Forming a company: Choose your trading type

The way you decide to trade will depend on your situation. Of course you can change your trading type when you’re up and running but it takes time and money so it’s best to get it right first time.

Forming a company: choosing your trading type

Forming a company: choosing your trading type

Sole Trader

Many small businesses find this the most practical solution. It’s certainly the simplest way to run a one-person business. It’s more simple and easier to set up than a limited company, also you won’t have anyone else to answer to.

All the profits from the business will be yours but you’ll also be liable for any business debts. If you’re self-employed you need to register with HM Revenue & Customs.


Two or more self-employed people working together sharing the profits and losses. You should be aware that each partner is personally responsible for the losses even if someone else caused them. If you’re entering into a partnership, it’s a good idea to draw up a written agreement between partners to protect individual interests. For more advice, speak to an accountant or solicitor.

Limited Liability Partnerships (LLP)

This is organised and taxed like a partnership but it offers limited liability for business debts. Two or more individuals or limited companies share in the costs, profits and responsibilities of the company. LLPs must be registered at Companies House and annual accounts need to be filed. Members can limit their personal responsibilities, but there needs to be at least two designated members who have additional responsibilities placed upon them by law. Fact: The most common type of trader is a sole trader. There were 2.5 million sole traders at the start of 2003, accounting for 63% of the total number of businesses. Partnerships numbered nearly 540,000 and the remaining 960,000 were registered companies.
Mintel Small Business Banking UK Sept 04
Limited Company This is generally more complicated and expensive to set up than a partnership or sole trader business. To become a limited company, you must create and send a Memorandum and Articles of Associations, along with a registration fee and documents, to Companies House. These documents outline the following:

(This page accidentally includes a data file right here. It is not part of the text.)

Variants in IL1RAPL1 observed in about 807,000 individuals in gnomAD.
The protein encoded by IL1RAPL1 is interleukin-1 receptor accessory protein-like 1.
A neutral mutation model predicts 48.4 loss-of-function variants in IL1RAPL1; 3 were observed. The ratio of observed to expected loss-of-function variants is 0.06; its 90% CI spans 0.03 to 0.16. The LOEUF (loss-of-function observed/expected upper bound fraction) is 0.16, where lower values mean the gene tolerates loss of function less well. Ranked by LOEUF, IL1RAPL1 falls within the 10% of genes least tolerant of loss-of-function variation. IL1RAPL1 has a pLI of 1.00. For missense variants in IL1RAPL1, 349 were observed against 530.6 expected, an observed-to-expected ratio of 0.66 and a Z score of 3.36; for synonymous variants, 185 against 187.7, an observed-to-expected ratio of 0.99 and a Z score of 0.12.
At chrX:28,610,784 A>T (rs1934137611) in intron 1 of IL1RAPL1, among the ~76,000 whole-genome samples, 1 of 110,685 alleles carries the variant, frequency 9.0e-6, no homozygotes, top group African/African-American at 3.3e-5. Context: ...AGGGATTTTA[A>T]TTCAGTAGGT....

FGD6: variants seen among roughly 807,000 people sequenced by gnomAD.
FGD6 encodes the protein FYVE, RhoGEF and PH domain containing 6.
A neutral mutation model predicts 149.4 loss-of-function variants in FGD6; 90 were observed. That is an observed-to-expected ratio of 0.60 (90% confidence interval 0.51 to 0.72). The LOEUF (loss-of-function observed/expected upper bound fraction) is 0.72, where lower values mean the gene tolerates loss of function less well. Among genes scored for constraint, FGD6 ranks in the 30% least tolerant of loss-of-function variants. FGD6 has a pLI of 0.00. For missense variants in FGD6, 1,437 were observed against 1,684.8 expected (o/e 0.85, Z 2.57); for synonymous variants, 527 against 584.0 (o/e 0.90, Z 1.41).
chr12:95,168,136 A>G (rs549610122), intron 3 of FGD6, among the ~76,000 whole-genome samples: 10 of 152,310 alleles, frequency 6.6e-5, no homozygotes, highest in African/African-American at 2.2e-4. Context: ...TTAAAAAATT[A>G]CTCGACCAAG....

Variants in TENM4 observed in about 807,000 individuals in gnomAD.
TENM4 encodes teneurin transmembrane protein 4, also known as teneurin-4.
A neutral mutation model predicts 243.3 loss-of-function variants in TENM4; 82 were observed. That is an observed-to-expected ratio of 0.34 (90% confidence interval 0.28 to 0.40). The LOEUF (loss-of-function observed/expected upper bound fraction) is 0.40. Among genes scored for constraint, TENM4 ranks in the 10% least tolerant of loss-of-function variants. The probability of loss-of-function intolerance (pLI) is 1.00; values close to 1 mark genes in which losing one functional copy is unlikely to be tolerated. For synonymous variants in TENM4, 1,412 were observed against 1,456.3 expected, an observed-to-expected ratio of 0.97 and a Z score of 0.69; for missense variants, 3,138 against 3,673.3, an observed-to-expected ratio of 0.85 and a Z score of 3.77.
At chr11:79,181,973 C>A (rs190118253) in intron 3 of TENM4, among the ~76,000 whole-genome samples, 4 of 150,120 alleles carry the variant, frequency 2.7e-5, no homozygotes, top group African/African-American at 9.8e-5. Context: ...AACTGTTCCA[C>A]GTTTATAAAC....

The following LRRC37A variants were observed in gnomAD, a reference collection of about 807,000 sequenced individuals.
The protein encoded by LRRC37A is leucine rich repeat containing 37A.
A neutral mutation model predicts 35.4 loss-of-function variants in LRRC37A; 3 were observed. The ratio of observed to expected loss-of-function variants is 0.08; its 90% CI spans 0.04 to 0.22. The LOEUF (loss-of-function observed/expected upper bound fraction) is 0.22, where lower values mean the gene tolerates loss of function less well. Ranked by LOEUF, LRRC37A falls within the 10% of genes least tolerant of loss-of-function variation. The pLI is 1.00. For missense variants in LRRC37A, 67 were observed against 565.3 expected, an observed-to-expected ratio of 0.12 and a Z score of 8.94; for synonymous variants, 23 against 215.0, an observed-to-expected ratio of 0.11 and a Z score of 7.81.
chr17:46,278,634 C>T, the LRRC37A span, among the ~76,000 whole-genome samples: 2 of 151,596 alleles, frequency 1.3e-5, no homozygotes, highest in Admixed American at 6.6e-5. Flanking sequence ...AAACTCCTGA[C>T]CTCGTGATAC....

• Company name – there are some restrictions on words you can have in your name and it can’t be the same or similar to one already registered.
  • Registered address – this isn’t always where you operate the business from. Often it will be the home address of a Director or the office of the company’s accountant or solicitor.
  • What the company will do – keep this broad such as ‘commercial retailer’ as your activities will be limited to this.
  • Details of Company Directors
  • How the Company will be run
  • Rights of the Company’s shareholders.
Companies House can help you with completing forms and Company names but not with the content of any documentation. Annual accounts must be submitted to Companies House and for a fee, anyone can look at them. Limiting your personal liability is the main advantage of setting up a limited company. As a rule you will only lose the amount invested in the Company should anything go wrong. The Company can also continue after the original Directors leave, giving the Company a longer life-span than a partnership or sole trader. Tip: For more information, on Limited Companies and LLPs refer to the Companies House website at  

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